Pros: Well made tense thriller.
Cons: One wonders how true it is.
In January 1991, a patrol of eight British Special Forces soldiers found themselves hundreds of miles behind enemy lines in Northern Iraq. Cut off, and unable to communicate with their HQ, surrounded by literally hundreds of enemy soldiers their actions over a couple of days would go down in the annals of modern warfare.
Bravo Two Zero is the movie adaptation of the book of the same name by Andy McNabb, a former Sergeant in the 22nd Special Air Service (SAS), and commander of the patrol. Both the book and movie recount McNab's version of events during the First Gulf War in 1991.
Soon after the war, and the publication of his best selling memoirs McNabb left the British Army became a writer of action adventure novels. In recent years there have been a many questions raised as to the accuracy of McNabs account of events. At least two other books to date have been written about the patrol that call into question what actually happened.
One written by another survivor, Chris Ryan places the blame for what went wrong squarely at McNab's feet. In Ryan's account, which naturally shows him in a favourable light, McNab is portrayed not a calm cool leader under fire, but more so as a bumbling idiot whose carelessness and failures caused both the missions failure, but the loss of three comrades lives.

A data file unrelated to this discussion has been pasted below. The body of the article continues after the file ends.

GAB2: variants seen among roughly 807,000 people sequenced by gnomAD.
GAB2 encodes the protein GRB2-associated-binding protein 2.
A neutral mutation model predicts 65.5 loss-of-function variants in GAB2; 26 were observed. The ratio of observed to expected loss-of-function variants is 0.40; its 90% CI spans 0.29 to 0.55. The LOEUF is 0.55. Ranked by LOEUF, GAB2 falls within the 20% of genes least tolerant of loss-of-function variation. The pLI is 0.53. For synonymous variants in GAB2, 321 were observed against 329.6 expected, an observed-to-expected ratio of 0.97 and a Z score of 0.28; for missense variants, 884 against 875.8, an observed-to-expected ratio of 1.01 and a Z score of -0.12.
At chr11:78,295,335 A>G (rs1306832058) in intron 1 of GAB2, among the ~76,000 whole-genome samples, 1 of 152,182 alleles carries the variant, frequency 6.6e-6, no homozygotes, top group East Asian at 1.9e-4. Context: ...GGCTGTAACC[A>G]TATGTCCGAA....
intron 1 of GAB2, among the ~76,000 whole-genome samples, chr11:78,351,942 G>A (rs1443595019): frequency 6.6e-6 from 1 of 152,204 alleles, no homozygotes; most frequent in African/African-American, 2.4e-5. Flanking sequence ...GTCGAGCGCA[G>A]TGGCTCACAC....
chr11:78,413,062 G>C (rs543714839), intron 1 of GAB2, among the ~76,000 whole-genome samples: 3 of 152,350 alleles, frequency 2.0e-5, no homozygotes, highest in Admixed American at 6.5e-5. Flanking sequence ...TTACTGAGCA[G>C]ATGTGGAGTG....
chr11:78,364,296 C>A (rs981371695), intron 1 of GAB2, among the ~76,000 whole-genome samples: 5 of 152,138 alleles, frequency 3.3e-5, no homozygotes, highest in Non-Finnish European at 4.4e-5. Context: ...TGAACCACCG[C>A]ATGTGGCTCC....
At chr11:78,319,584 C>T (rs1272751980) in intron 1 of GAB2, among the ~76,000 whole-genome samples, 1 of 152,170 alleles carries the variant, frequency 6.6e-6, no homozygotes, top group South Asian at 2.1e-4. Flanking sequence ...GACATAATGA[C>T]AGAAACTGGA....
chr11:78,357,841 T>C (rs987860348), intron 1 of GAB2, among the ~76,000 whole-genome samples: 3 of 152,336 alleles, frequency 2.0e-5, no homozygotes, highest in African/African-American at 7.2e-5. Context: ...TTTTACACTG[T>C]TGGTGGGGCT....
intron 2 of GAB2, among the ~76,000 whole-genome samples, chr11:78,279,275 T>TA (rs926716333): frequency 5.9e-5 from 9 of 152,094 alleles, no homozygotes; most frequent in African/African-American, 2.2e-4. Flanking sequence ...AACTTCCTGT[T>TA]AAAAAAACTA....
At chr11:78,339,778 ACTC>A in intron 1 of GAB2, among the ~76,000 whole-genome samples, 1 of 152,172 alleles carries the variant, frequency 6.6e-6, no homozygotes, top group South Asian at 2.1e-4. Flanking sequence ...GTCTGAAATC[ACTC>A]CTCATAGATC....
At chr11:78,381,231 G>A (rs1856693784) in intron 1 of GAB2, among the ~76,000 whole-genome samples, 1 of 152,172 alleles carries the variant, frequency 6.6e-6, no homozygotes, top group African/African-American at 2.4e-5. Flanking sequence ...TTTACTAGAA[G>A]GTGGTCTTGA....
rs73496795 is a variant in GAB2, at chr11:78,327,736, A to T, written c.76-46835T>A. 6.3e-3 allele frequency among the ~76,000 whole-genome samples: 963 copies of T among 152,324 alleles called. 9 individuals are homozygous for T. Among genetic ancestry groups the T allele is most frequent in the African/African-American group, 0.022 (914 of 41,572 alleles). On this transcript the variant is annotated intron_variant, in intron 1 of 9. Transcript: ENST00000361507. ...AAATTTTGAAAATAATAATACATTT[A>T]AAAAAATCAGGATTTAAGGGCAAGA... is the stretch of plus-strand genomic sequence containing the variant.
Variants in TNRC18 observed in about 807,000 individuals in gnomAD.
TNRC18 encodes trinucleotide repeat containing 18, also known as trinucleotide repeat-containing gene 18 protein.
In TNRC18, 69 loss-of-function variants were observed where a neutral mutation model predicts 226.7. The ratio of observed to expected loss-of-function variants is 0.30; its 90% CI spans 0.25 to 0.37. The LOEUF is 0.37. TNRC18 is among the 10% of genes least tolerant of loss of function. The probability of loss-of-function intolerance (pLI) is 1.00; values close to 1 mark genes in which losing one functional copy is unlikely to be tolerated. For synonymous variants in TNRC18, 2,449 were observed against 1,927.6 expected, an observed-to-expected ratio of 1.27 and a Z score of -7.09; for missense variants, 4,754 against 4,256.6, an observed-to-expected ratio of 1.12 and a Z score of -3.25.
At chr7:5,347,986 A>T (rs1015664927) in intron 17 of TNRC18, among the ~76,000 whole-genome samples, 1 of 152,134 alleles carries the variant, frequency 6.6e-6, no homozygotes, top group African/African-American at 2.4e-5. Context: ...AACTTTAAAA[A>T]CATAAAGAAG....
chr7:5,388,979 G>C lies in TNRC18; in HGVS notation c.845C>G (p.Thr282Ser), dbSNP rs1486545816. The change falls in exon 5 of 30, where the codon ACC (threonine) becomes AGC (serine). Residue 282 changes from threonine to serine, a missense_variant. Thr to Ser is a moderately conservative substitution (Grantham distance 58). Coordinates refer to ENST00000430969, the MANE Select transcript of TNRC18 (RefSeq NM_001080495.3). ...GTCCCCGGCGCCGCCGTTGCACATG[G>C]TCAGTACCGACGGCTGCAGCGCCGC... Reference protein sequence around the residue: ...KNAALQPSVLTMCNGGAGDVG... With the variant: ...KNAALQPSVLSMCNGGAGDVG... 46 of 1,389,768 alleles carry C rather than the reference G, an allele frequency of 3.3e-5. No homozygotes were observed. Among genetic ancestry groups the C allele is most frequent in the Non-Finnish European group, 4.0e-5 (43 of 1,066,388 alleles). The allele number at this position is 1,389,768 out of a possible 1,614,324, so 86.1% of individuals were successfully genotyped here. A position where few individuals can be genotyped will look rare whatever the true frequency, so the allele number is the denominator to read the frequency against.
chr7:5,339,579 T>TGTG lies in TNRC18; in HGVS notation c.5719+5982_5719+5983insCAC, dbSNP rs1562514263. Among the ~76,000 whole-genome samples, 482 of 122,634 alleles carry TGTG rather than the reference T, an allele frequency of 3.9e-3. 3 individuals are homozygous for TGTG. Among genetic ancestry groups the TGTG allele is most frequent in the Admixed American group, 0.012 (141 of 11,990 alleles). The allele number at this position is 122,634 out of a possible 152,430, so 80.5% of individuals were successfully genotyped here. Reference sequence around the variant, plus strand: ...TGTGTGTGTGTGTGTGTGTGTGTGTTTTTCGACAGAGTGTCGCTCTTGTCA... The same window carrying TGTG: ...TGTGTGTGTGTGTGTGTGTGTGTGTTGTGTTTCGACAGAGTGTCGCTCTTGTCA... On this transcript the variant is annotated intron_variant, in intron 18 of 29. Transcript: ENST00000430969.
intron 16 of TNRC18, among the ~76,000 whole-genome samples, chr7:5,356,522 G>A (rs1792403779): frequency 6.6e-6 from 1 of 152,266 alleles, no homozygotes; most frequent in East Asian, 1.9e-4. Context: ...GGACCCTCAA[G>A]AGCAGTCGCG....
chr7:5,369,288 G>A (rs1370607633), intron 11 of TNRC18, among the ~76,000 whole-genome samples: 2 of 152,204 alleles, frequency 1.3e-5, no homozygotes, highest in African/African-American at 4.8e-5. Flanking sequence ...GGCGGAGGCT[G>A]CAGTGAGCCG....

A more recent book by Michal Asher also another former SAS member, has called into question many aspects of both McNab's and Ryans accounts, especially suggesting they exaggerate their own acts of heroism and the numbers of Iraqi soldiers they both fought and killed.
The movie Bravo Two Zero was produced well before the controversy of what may or may or not happened in Northern Iraq in January 1991, and is a faithful adaptation of the book. McNab collaborated on the screenplay and acted as an advisor to the filmmakers.
The story is fairly straightforward. Prior to the launching of the ground war to liberate Kuwait, the Coalition forces became worried about the Iraqi use of Scud missiles fired at Israel. Should these attacks continue it became evident that Israel would retaliate and enter the war against Iraq. Should that happen it was more than likely that the coalition of mainly Arab states would collapse, and with it the upcoming ground campaign, something that had probably occurred to Saddam Hussein and the Iraqi high command.
Dealing with the static Scud missile bases was fairly easy for the coalition air forces. Finding and stopping the highly mobile SCUD launchers was less so. The mission of locating and finding them went to the various Special Forces units in Saudi Arabia including the SAS.
McNab was tasked to lead an eight-man patrol into Iraq to locate and destroy a fibre optic cable that was being used to transmit firing data from Baghdad to the mobile Scud sites in western Iraq. Once the cables were destroyed the launchers could not be used and the threat to Israel and the coalition would cease. His was obviously not the only patrol sent out, and they had a secondary mission to locate and destroy any SCUD launchers they came across. The radio call sign for the patrol was Bravo Two Zero.